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Low and Zoo Animal set to play the Pioneers and Soldiers Cemetery this summer

After serving as the inspiration for Jeremy Messersmith's most recent album, The Reluctant Graveyard, and playing host to a truly unique benefit concert by Messersmith and Lucy Michelle & the Velvet Lapelles last October, The Pioneers and Soldiers Cemetery has announced plans for another wonderful show this summer featuring Duluth slow-core stalwarts Low and Holly Newsom's ever-evolving but always absorbing Zoo Animal on Saturday, June 9.

After receiving a generous preservation grant for much needed restoration projects from the National Trust for Historic Preservation, more work (and more funding) is required to restore the decorative steel fence and gates which surrounds the 158-year-old, city-owned Pioneers and Soldiers Cemetery on the corner of Cedar and Lake. And this performance will certainly be just one of many fundraisers to help with the preservation of the oldest cemetery in Minneapolis.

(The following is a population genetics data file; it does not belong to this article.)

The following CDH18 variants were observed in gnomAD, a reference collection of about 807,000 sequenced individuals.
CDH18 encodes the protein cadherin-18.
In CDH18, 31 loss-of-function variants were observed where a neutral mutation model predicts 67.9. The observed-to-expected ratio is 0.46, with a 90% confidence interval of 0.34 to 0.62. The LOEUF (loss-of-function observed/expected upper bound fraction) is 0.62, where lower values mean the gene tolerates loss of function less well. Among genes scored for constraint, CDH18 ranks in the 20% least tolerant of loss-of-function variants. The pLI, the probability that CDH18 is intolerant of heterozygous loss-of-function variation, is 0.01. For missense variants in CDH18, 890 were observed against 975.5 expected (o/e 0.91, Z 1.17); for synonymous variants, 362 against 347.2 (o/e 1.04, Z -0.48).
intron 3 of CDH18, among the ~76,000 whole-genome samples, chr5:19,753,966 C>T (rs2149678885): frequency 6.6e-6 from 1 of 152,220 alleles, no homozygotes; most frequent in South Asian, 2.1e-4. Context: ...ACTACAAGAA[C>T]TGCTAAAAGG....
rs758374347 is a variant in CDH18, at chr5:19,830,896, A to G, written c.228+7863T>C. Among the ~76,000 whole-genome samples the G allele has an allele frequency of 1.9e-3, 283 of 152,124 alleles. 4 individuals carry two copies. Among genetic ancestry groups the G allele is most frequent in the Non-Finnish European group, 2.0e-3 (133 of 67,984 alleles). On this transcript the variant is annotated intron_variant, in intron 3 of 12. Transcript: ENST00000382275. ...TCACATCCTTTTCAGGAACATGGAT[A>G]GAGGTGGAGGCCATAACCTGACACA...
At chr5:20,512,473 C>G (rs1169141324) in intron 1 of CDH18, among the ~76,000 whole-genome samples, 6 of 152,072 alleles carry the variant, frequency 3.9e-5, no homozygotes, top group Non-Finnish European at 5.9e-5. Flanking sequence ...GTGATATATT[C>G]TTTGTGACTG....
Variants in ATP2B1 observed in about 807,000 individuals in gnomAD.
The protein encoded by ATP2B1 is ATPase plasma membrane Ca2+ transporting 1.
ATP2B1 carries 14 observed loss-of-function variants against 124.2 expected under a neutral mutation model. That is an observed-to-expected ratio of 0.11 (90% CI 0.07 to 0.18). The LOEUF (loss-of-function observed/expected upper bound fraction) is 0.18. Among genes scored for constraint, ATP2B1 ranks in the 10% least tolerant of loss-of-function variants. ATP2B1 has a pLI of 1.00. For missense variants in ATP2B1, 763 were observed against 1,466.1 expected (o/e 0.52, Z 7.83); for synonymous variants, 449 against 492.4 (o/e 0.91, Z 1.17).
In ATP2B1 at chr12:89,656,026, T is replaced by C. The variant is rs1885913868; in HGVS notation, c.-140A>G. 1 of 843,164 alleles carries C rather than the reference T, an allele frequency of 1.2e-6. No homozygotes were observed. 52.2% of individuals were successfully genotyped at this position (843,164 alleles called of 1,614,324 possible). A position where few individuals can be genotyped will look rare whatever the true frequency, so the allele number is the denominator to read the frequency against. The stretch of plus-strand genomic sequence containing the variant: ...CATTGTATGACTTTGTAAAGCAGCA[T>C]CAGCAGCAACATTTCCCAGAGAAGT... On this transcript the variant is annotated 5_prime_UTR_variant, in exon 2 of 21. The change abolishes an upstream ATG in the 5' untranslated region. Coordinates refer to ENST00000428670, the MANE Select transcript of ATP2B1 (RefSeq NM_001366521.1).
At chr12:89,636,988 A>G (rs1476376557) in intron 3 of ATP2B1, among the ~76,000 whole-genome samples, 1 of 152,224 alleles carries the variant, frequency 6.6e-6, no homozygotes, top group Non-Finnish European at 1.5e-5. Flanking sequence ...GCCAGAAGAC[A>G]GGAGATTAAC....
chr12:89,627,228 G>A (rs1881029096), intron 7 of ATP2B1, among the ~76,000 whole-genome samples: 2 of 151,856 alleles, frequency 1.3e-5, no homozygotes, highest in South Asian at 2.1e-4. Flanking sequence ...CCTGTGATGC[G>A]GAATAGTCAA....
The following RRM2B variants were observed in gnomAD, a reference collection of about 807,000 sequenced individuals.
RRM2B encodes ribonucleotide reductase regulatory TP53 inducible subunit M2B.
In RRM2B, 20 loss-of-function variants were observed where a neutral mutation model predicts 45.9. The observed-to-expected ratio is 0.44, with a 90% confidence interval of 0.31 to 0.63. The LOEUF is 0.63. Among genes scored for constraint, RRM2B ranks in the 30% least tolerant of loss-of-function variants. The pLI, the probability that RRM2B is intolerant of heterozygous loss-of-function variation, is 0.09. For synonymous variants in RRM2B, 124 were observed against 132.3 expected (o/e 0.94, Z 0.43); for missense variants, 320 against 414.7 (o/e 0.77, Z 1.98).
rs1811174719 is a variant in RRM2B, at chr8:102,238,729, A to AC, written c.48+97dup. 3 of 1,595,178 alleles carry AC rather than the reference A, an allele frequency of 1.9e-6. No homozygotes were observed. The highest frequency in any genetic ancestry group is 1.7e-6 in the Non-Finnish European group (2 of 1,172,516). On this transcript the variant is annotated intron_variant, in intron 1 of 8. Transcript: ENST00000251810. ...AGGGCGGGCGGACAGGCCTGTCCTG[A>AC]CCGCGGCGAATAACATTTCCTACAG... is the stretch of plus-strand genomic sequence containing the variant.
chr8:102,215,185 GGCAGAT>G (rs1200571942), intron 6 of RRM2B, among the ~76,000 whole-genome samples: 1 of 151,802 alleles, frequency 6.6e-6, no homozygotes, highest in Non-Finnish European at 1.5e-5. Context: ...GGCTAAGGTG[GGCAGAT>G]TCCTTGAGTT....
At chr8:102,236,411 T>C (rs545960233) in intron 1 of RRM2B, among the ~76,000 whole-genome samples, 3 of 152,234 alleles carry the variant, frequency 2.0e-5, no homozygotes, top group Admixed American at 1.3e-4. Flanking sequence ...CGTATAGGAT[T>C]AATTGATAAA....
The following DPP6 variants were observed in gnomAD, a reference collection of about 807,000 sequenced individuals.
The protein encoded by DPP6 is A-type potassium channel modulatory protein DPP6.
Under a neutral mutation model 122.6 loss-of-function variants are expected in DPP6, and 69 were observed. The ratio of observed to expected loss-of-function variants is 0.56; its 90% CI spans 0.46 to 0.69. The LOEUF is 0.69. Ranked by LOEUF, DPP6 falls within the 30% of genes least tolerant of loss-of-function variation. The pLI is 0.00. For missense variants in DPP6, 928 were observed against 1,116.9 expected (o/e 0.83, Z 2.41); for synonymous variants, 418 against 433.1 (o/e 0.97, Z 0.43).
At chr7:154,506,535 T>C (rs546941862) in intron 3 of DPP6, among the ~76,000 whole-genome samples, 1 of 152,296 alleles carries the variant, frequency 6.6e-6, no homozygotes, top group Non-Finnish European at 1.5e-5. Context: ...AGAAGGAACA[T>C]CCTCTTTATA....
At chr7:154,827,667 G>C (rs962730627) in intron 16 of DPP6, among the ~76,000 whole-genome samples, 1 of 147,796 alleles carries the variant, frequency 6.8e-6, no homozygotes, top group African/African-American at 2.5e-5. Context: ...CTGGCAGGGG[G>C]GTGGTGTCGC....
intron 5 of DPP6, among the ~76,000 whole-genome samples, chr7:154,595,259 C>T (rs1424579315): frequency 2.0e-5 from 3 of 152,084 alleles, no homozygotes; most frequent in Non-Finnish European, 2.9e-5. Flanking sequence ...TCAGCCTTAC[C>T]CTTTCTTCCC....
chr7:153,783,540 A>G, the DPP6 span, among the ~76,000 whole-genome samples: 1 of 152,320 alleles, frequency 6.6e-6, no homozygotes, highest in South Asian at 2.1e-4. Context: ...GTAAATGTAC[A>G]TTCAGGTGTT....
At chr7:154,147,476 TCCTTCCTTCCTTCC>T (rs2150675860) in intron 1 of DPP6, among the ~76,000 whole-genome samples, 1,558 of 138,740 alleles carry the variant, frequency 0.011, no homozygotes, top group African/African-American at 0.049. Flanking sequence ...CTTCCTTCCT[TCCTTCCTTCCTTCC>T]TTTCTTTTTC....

Tickets to the show are currently on-sale online here, as well as in person at the Electric Fetus, Hymie's Vintage Records, and Treehouse Records. They are $16 in advance, and will be $20 at the gate the day of the show, and just like last year, all children 12 and under get in for free.

Gates will open that Saturday at 4;30, with Zoo Animal set to take the stage at 5:30, and Low following them at 7 p.m. Hola Arepa and Dandelion Kitchen will have food trucks there which will be selling food during the event.

As strange as it is to say for an event taking place in a cemetery, last year's event was really kid friendly, as the smartphone history hunt was a fun, interactive event which encouraged visitors to discover some of the significant people and landmarks that are found on the grounds.

In a city which desperately needs more unique outdoor concerts when the weather gets nice, having a gig at the Pioneers and Soldiers Cemetery is about as unconventional as it gets. And, in addition to the good times and great music on offer, you get to help preserve a meaningful part of Minneapolis's rich history in the process.


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